Original Research - Special Collection: Structural subjects - Church History and Systematic Theology

The church and the secular: The effect of the post-secular on Christianity

Jaco Beyers
HTS Teologiese Studies / Theological Studies | Vol 70, No 1 | a2605 | DOI: https://doi.org/10.4102/hts.v70i1.2605 | © 2014 Jaco Beyers | This work is licensed under CC Attribution 4.0
Submitted: 21 January 2014 | Published: 15 July 2014

About the author(s)

Jaco Beyers, Department of Science of Religion and Missiology, University of Pretoria, South Africa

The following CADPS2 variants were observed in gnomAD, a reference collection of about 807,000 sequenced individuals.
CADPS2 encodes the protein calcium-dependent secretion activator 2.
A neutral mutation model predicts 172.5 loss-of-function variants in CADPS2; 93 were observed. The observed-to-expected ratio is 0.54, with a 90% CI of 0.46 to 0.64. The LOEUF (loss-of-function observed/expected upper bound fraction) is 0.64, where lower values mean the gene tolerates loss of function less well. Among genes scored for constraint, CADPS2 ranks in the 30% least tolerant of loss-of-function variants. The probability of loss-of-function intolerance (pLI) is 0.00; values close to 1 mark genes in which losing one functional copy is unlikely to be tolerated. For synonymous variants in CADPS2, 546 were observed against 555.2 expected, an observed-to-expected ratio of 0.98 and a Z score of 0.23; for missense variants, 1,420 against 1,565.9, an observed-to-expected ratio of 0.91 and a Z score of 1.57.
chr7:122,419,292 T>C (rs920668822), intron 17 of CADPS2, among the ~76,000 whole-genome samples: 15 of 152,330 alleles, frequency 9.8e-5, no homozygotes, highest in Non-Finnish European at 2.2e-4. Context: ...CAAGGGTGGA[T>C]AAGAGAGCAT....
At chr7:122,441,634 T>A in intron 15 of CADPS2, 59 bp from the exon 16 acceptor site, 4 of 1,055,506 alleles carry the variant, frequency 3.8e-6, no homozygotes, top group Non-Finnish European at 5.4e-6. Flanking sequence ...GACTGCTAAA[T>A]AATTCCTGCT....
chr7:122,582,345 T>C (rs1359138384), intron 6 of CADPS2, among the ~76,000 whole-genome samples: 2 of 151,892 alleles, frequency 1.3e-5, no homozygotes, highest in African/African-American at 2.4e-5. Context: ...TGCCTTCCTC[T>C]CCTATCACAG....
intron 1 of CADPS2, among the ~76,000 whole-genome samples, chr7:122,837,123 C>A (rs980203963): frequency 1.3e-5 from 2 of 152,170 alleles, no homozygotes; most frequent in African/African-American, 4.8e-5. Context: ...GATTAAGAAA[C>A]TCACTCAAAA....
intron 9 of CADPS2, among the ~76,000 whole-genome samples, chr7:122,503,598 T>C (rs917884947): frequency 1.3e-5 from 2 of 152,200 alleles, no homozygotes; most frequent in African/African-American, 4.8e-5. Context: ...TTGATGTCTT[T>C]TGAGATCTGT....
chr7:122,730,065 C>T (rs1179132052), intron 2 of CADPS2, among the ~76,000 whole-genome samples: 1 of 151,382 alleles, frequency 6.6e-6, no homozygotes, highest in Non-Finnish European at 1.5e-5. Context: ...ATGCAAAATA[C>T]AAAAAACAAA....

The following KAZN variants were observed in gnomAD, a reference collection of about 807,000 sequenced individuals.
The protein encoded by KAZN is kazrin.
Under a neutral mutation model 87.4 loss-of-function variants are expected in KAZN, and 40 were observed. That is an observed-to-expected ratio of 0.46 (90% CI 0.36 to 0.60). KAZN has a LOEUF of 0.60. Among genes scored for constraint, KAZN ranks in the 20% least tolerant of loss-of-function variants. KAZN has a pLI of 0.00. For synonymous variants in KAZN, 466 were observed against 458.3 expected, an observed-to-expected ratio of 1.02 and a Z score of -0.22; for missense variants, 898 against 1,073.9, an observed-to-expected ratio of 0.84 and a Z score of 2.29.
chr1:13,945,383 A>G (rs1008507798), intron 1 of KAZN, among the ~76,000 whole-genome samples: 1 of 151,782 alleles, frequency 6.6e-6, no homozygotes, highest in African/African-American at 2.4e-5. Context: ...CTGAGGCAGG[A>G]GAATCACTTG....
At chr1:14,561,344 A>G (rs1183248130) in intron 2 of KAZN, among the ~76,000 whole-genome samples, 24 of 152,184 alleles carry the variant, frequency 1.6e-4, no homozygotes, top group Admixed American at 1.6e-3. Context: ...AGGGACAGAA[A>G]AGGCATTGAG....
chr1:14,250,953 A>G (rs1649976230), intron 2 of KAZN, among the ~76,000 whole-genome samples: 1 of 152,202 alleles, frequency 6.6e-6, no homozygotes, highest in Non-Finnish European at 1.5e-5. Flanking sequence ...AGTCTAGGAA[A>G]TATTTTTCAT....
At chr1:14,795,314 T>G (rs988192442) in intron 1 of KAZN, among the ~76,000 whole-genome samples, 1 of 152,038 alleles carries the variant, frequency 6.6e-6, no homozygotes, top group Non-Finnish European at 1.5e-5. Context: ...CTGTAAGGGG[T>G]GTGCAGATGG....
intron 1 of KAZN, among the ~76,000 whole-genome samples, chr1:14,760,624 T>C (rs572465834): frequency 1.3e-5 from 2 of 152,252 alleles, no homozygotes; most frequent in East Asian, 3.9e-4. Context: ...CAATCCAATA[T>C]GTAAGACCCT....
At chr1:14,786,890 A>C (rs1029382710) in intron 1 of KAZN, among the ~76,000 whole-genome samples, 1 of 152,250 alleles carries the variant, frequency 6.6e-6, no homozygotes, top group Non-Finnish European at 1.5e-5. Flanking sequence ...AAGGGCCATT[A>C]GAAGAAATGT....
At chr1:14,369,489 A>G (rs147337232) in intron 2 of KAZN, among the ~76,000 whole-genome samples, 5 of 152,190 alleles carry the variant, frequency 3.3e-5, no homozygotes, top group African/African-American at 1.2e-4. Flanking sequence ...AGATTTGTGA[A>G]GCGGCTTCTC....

Paradigms determine relationships. During the Enlightenment period Emile Durkheim proposed a relationship between the sacred and the profane. Religion, which is concerned with the sacred, was defined in terms of being different from the profane. The profane came to denote the secular. The organic character of religion caused some scholars to predict the end of the church at the hand of modernisation and rationalisation. Some scholars instead envisaged a new form and function of the church. Some scholars anticipated the growth of Christianity. Reality shows that Christianity has not died out but seems to be growing. The new era we are currently in (identified as the postmodern) has been described as the post-secular age where a process of re-sacralisation takes place. How will the post-secular influence the church? What will the relationship between the church and the secular be like under a new paradigm? This article suggests that within a postmodern paradigm, the post-secular will emphasise the place of the individual in the church. Fragmentation of society will also be the result of the post-secular. Religiosity in future will have to contend with fundamentalism and civil religion.


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